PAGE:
Michael Martino teaches the practicum course for our department. He holds a job fair for Computer Studies students in the spring and fall semesters every year. If you are preparing to graduate, consider taking ITSC 2364 Practicum -- CIS, General If you are looking for a job, please send Professor Martino your resume. See message below:
Please suggest to your students that they send their Word 2003 (or saved as compatible with Word 2003) resumes to me. No templates, please as the receiving business may not have the chosen template in which case the resume doesn't format well. Straight text works best.
Send the resumes to: firstname.lastname@example.org
Hello there. Professor Scholl referred me to you regarding a career inquiry I had. I am currently working towards a certificate in network admin. As part of that I am taking a programming class now and am starting to feel that programming is what I really want to do. Would you have any advice on attaining a certificate in programming? My main inquiries would be:
Would any particular programming language be more advantageous? (i.e. C ++ vs C#)
Would employment be available with a programming certificate in general?
From what I have researched network admin appears to be a fairly secure field regarding employment but with how much more I am enjoying the programming aspect I am just trying to weigh my options. Thank you in advance for any assistance.
It seems clear to me that the world is moving to the "client-server" model just about everywhere so the programming languages that support that are likely to be more employable over the short run. At the same time, just about every appliance in my house (well, not my coffee pot) has an chip in it and some embedded code and that seems to be true of all automobiles now, to say nothing of GPS's, cell phones, TV's etc. etc. The thing is, predicting the future is easy; getting the correct prediction is a whole lot harder. For example, there are more lines of COBOL code in the world than any other language and yet it's very rare to find anyone writing in this language today; on the other hand, there are some number of people who are earning a good living keeping the old stuff running.
One thing which I did and which worked for me: I made my career decisions based on what I liked doing and the money followed. There are people I knew who went for the "bucks" and "dough" and made more than I did but they weren't as happy in the long run (they divorced/moved across the country/got stuck in things they hated, etc.). It was tough for me to make this decision because I grew up poor and money was a BIG factor for me, but a friend had told me it was a lot easier to live happy if you loved what you were doing. Up to a point, money is a motivator but after awhile, it won't get you out of bed in the morning nearly as well as going to a job you love.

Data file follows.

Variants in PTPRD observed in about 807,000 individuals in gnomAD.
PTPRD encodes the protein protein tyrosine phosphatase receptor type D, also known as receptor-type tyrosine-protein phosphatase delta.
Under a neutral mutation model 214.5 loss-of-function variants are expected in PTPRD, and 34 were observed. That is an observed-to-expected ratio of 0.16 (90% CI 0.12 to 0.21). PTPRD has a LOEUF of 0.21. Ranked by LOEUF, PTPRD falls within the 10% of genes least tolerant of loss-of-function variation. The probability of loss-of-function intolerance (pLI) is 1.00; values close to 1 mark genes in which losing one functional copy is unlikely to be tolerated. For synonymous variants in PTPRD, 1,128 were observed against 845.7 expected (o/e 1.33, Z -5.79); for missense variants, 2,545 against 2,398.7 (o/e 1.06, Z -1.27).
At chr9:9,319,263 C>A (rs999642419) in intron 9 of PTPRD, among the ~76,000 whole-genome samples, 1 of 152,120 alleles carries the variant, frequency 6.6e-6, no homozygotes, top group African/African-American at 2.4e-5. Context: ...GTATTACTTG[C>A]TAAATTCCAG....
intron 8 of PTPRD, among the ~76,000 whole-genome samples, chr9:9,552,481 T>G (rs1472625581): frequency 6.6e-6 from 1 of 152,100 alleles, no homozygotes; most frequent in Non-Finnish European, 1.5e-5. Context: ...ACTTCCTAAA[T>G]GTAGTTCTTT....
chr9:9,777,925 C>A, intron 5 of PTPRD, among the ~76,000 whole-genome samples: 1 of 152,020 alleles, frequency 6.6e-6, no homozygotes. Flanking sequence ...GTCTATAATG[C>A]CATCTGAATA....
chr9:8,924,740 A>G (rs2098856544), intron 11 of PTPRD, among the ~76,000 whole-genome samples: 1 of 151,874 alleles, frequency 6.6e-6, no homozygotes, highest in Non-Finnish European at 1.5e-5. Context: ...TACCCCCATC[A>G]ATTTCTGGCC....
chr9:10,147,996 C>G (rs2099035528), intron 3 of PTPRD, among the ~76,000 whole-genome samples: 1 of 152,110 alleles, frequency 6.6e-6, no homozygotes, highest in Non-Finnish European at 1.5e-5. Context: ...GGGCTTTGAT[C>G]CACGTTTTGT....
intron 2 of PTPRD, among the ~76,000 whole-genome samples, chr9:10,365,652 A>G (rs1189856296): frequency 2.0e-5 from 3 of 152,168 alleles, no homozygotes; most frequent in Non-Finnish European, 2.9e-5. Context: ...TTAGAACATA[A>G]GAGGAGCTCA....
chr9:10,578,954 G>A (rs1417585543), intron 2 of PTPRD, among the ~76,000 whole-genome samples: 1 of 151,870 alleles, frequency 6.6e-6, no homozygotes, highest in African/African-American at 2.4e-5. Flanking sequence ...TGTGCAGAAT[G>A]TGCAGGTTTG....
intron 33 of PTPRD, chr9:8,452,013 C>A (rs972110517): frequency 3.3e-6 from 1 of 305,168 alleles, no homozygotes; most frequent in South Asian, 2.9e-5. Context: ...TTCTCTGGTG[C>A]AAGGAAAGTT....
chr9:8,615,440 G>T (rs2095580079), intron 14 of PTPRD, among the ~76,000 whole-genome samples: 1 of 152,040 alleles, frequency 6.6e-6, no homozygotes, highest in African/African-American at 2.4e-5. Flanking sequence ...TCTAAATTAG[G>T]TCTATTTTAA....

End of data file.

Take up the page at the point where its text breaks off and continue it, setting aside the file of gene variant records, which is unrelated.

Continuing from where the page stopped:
If you think about the IT field, there are jobs that can easily be outsourced like coding. There are other jobs that, when outsourced, don't really work—like help desks. Once a business gets to a certain size, they pretty much must have an on-site sysadmin/tech support person because it doesn't make sense to have to call overseas to get your password reset or schedule an update of a common application (or just patch installation). And let's be real, no one overseas can run cables in the overhead.
Rather than me tell you what a programming certificate is worth (since it'll be an opinion) I'd like to suggest you do this: Go to http://www.craigslist.com for Austin and select this category under JOBS: software / qa / dba http://austin.craigslist.org/sof/ (right below it is: systems / network http://austin.craigslist.org/sad/ and finally, next comes Tech Support. Watch these three for a couple of weeks (you don't have to do it daily but you want to gather some data) and make a "ticky mark" for each of the types of jobs you like and that you will be qualified for. This will provide you with some hard, real data on what employers are looking for. You can include other job sites, but the ads are reality; everything else (including me!) is just opinion. But also remember that 10 years down the road and 10 years after that, you're going to have to get out of bed five days a week and go do something, so you might really want to choose something that will help you get out of bed rather than something that makes you want to turnover and go back to sleep.
Since you're going to try something (or maybe win the lottery) do your best but listen to your feelings and don't be afraid to change your career.
I know I haven't answered your question about C++ or C#. I suggest you go and talk with Prof. Mary Kohls, the department chair. But do it face-to-face, not with e-mail.